As we discussed in an earlier post understanding the importance of electrical safety within the home is something every home owner needs to be aware of. In Australia we operate from a 240 volt a.c. power supply which, in comparison with, say the U.S. where they have a 110 volt a.c. electrical supply, is an extremely dangerous voltage – the message is clear – electricity needs to be treated with respect as it can, and sadly does, kill, on occasions. electrical safety

Baring this in mind here are a few tips to keep in mind that may help keep you safe from the risk of possible electric shocks.

  1. Caution when doing d.i.y. work and home renovation. We have seen, on more than one occasion, instances where home ‘handymen’ have been looking to mount shelving on a wall or fitting new cabinetry onto a kitchen wall and have drilled into a wall only to find that they have drilled into electrical wires that were hidden from view. This can result in potentially dangerous situations. On one occasion we have seen where the drill penetrated the insulation of the mains cable going to a power point and touched the active wire in the 3 core electrical cable, causing the circuit breaker to trip on the switchboard. Not only is this situation potentially dangerous, and is a good reason to ensure you have safety switches installed, but can be an expensive problem for us electricians to repair. It could be that to access the wire is potentially quite difficult, depending on whether the walls are double brick cavity or single brick. The motto here is to carefully inspect any area where you are thinking of drilling and try and determine if there is the possibility of electrical cabling being hidden behind the surface of that wall. There are cable locating devices available which vary in their reliability and cost but could also be worth investigating if you plan on doing a lot of renovation work. If in doubt call a licensed electrician for advice.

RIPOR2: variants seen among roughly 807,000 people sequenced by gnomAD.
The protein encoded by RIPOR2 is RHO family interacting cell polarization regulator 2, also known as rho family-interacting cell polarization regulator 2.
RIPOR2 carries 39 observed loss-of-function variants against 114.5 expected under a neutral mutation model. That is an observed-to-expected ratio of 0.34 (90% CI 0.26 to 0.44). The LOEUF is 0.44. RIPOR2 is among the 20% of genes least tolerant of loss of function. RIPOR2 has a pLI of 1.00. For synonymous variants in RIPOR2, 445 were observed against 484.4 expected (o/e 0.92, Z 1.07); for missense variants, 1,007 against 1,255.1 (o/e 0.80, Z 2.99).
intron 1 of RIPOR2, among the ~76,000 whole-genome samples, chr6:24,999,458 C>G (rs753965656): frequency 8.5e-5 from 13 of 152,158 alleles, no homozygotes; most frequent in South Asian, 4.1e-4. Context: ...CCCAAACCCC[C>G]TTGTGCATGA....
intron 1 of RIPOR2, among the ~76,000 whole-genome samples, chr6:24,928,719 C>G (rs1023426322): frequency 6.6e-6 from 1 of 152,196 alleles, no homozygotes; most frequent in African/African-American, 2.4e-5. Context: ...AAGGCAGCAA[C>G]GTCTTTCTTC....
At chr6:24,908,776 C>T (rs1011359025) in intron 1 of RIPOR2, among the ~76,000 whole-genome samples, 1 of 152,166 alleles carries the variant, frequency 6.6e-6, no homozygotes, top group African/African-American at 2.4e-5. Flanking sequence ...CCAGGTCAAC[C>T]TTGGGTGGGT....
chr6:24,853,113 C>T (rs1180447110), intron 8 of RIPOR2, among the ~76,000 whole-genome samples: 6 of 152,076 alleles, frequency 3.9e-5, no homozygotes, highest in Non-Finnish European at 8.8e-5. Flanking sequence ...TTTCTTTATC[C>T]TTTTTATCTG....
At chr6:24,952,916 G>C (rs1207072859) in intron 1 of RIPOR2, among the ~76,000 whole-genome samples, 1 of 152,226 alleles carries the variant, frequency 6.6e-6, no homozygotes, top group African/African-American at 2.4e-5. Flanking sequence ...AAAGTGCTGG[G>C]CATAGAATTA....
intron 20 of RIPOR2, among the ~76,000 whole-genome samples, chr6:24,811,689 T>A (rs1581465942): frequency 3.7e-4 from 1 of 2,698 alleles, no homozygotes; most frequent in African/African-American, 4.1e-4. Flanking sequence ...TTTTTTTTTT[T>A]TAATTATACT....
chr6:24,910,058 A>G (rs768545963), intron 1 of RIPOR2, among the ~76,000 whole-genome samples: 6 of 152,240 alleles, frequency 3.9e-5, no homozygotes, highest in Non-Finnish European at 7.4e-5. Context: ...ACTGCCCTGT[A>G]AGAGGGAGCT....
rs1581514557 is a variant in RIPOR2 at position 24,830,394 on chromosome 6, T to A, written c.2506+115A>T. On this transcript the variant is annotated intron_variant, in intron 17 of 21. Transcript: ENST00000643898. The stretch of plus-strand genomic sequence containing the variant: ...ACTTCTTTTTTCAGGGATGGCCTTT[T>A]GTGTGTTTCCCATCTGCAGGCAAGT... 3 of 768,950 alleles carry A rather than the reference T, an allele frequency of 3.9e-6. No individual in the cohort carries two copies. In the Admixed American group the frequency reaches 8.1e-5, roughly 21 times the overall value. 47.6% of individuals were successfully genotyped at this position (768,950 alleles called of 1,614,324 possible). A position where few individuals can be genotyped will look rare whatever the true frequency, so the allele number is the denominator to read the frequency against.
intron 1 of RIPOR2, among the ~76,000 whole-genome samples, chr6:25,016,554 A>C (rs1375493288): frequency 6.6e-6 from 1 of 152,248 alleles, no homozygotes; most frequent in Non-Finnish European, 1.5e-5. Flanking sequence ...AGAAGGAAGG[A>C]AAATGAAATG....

2. Do not overload electrical circuits. In these cold winter months some people suddenly find their circuit breakers or fuses blowing or their power boards tripping. This is often the case when people start plugging larger electr heaters into a power board. These heaters can easily draw 2 or more kilowatts of electrical power and if the power board has other appliances plugged into them like, audio visual equipment, lights, computers, wireless routers and the likes, then the current draw can exceed the rating of the power board causing a potential electrical hazard. Even worse is the situation where several power boards are ‘piggybacked’ onto one power board. The motto here is do not overload power boards!